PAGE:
General Motors developed the rear-wheel-drive Omega platform specifically for Cadillac and the brand immediately put it to good use with the impressive Cadillac CT6 sedan. Anyone familiar with GM knows the automaker typically uses a single platform for a number of different vehicles, but strangely, the CT6 is so far the only vehicle to use the Omega architecture.
It turns out that Cadillac had much bigger plans for the Omega platform before cost constraints forced the company to go in another direction. As first reported by GM Authority’s sister site, Cadillac Society, company management made a business case for the large rear-wheel-drive platform by planning to use it in three separate vehicles: the CT6, an unnamed “Lux 3” mid-size sedan and a “Lux 4” three-row crossover – the latter of which turned out to be the XT6.
Cadillac eventually abandoned its plans for both the “Lux 3” sedan and the Omega-based XT6, sticking the crossover on a much more affordable crossover platform, the C1, which is shared with seven other GM crossovers. While the XT6 is an acceptable entry into the premium/luxury crossover segment, there’s no denying it would have been a much more impressive product had it arrived on the Omega platform. The latter enables both RWD and RWD-based AWD, is extremely light and has 50:50 weight distribution. This would have made the XT6 a true rival to German offerings like the BMW X5 and Mercedes-Benz GLE, rather than a premium FWD-based offering like the current model, which compares better to vehicles like the Acura MDX.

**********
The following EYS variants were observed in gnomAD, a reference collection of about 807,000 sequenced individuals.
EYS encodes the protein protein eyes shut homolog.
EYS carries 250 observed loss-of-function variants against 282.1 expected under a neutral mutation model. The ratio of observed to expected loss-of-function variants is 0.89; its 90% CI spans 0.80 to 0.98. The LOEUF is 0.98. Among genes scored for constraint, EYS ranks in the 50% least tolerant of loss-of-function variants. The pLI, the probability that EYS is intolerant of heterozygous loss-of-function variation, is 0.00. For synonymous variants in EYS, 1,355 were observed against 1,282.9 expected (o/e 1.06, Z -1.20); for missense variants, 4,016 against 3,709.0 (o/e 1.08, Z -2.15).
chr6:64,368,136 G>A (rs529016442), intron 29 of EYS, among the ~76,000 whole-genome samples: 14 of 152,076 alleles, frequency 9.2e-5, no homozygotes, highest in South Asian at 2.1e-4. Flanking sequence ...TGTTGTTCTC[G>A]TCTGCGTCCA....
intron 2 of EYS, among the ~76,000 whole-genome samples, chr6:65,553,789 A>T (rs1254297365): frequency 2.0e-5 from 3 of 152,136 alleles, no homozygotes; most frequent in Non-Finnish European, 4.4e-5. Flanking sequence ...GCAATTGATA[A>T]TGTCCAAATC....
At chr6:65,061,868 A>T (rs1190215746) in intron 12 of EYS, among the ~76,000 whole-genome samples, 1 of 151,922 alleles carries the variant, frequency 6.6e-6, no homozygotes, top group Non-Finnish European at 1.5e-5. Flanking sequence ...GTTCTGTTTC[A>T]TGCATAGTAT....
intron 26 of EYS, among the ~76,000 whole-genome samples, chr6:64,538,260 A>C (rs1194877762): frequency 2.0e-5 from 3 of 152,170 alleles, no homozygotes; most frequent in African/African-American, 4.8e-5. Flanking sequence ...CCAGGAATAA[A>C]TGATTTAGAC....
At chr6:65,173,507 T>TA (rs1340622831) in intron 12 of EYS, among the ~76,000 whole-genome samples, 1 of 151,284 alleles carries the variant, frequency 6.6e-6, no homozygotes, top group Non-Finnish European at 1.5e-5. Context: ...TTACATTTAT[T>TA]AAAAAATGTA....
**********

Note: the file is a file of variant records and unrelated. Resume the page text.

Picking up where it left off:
That said, Cadillac seems to have moved on from the Omega platform, anyway. The CT6 is no longer in production in North America and Cadillac focused on its upcoming electric vehicles. In fact, electrification was a factor explaining why the Cadillac XT6 went to C1 in the first place, with GM pulling much of the brand’s resources forward and funneling them into its new EV projects.
In light of the Cadillac’s impending shift to EVs, Omega was deemed a dead end and was put to pasture in favor of more affordable platforms. According to Cadillac Society‘s sources, the BEV3 electric platform and new VSS-R rear-wheel drive platform will both implement lessons GM learned when developing Omega, so at least the effort wasn’t a total waste.
The first Cadillac EV will be a mid-size crossover, which the automaker released design renderings of in early 2019. The electric crossover is expected to go on sale in 2022, though we are expecting it to debut in April.
This post was written in collaboration with our sister publication, Cadillac Society.